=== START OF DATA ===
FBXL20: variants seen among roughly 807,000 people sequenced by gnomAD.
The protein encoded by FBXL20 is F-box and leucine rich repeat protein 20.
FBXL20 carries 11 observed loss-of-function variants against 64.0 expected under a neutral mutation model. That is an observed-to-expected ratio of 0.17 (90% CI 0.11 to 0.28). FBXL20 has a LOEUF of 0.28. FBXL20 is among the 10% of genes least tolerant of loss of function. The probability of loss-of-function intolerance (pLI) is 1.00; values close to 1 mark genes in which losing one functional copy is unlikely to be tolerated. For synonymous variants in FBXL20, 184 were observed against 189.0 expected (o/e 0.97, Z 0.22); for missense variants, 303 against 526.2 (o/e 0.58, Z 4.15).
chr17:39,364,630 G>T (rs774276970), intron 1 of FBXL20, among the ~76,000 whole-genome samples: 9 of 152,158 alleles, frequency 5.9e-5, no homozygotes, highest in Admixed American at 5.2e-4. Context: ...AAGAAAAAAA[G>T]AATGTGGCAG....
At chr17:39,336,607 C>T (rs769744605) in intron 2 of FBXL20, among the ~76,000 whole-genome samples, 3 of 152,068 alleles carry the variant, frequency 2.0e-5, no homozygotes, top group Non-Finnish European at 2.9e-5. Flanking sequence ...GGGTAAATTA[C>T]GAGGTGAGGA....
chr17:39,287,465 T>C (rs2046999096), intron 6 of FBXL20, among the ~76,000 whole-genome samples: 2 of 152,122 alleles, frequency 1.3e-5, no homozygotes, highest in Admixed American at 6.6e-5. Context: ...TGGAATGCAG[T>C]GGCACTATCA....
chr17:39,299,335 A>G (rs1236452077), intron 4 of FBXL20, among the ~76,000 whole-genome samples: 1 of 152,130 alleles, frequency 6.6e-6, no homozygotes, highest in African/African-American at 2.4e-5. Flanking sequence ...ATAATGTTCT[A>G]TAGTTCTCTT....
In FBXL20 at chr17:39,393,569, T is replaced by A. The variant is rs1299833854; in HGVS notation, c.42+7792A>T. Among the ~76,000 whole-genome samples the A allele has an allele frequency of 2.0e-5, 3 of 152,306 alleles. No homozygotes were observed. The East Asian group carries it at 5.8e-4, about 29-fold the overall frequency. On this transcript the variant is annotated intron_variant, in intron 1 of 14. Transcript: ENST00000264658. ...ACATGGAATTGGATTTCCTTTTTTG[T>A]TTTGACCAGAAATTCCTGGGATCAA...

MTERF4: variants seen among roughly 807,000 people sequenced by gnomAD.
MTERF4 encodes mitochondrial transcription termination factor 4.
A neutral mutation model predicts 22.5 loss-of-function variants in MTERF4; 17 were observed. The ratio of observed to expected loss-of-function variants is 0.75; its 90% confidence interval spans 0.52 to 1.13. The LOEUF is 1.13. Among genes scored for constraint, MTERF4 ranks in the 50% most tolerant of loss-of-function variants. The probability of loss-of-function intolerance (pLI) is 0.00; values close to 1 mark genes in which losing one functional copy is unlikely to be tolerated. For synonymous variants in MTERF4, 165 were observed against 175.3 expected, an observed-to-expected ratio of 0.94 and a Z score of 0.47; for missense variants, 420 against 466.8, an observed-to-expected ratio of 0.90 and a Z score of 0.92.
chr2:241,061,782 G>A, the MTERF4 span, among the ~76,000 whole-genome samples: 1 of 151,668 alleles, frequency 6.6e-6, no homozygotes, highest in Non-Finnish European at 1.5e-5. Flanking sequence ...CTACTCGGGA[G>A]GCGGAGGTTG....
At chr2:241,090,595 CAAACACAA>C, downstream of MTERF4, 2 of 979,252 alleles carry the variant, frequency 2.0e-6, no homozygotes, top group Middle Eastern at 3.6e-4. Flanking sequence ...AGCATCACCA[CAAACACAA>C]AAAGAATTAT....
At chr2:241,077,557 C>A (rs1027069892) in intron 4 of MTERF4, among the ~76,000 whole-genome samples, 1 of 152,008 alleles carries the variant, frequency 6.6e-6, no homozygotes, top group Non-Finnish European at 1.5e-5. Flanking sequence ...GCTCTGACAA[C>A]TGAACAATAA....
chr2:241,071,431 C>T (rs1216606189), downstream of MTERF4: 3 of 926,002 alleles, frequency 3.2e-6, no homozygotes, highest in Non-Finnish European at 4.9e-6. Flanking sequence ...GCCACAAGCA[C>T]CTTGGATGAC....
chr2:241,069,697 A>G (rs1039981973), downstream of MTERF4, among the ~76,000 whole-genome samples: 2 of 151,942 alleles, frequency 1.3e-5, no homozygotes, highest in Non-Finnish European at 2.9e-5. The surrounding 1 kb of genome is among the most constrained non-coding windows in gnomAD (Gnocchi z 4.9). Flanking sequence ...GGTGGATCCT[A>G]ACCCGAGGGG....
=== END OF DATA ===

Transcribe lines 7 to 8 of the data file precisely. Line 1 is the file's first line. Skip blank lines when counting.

chr17:39,299,335 A>G (rs1236452077), intron 4 of FBXL20, among the ~76,000 whole-genome samples: 1 of 152,130 alleles, frequency 6.6e-6, no homozygotes, highest in African/African-American at 2.4e-5. Flanking sequence ...ATAATGTTCT[A>G]TAGTTCTCTT....
In FBXL20 at chr17:39,393,569, T is replaced by A. The variant is rs1299833854; in HGVS notation, c.42+7792A>T. Among the ~76,000 whole-genome samples the A allele has an allele frequency of 2.0e-5, 3 of 152,306 alleles. No homozygotes were observed. The East Asian group carries it at 5.8e-4, about 29-fold the overall frequency. On this transcript the variant is annotated intron_variant, in intron 1 of 14. Transcript: ENST00000264658. ...ACATGGAATTGGATTTCCTTTTTTG[T>A]TTTGACCAGAAATTCCTGGGATCAA...